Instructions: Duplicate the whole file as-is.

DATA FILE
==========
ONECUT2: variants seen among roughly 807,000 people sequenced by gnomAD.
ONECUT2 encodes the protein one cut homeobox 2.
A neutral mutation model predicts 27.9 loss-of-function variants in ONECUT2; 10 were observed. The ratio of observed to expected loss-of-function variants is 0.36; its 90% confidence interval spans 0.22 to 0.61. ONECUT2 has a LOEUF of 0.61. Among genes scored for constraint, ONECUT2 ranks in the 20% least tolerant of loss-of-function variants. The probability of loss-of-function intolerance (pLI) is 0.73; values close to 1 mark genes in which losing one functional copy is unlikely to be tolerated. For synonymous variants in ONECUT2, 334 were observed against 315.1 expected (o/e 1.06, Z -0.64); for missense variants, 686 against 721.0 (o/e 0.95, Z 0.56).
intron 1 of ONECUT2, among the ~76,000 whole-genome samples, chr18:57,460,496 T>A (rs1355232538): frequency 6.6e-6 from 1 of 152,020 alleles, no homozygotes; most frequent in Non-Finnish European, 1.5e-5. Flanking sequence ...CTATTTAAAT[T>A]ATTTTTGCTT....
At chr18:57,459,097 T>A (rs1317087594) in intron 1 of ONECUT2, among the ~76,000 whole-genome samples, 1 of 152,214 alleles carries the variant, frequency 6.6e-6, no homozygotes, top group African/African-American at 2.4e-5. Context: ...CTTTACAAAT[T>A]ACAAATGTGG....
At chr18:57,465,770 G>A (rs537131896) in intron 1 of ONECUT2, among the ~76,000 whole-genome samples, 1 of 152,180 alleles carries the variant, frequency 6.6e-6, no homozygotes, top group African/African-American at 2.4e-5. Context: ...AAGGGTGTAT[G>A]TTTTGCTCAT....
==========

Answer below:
ONECUT2: variants seen among roughly 807,000 people sequenced by gnomAD.
ONECUT2 encodes the protein one cut homeobox 2.
A neutral mutation model predicts 27.9 loss-of-function variants in ONECUT2; 10 were observed. The ratio of observed to expected loss-of-function variants is 0.36; its 90% confidence interval spans 0.22 to 0.61. ONECUT2 has a LOEUF of 0.61. Among genes scored for constraint, ONECUT2 ranks in the 20% least tolerant of loss-of-function variants. The probability of loss-of-function intolerance (pLI) is 0.73; values close to 1 mark genes in which losing one functional copy is unlikely to be tolerated. For synonymous variants in ONECUT2, 334 were observed against 315.1 expected (o/e 1.06, Z -0.64); for missense variants, 686 against 721.0 (o/e 0.95, Z 0.56).
intron 1 of ONECUT2, among the ~76,000 whole-genome samples, chr18:57,460,496 T>A (rs1355232538): frequency 6.6e-6 from 1 of 152,020 alleles, no homozygotes; most frequent in Non-Finnish European, 1.5e-5. Flanking sequence ...CTATTTAAAT[T>A]ATTTTTGCTT....
At chr18:57,459,097 T>A (rs1317087594) in intron 1 of ONECUT2, among the ~76,000 whole-genome samples, 1 of 152,214 alleles carries the variant, frequency 6.6e-6, no homozygotes, top group African/African-American at 2.4e-5. Context: ...CTTTACAAAT[T>A]ACAAATGTGG....
At chr18:57,465,770 G>A (rs537131896) in intron 1 of ONECUT2, among the ~76,000 whole-genome samples, 1 of 152,180 alleles carries the variant, frequency 6.6e-6, no homozygotes, top group African/African-American at 2.4e-5. Context: ...AAGGGTGTAT[G>A]TTTTGCTCAT....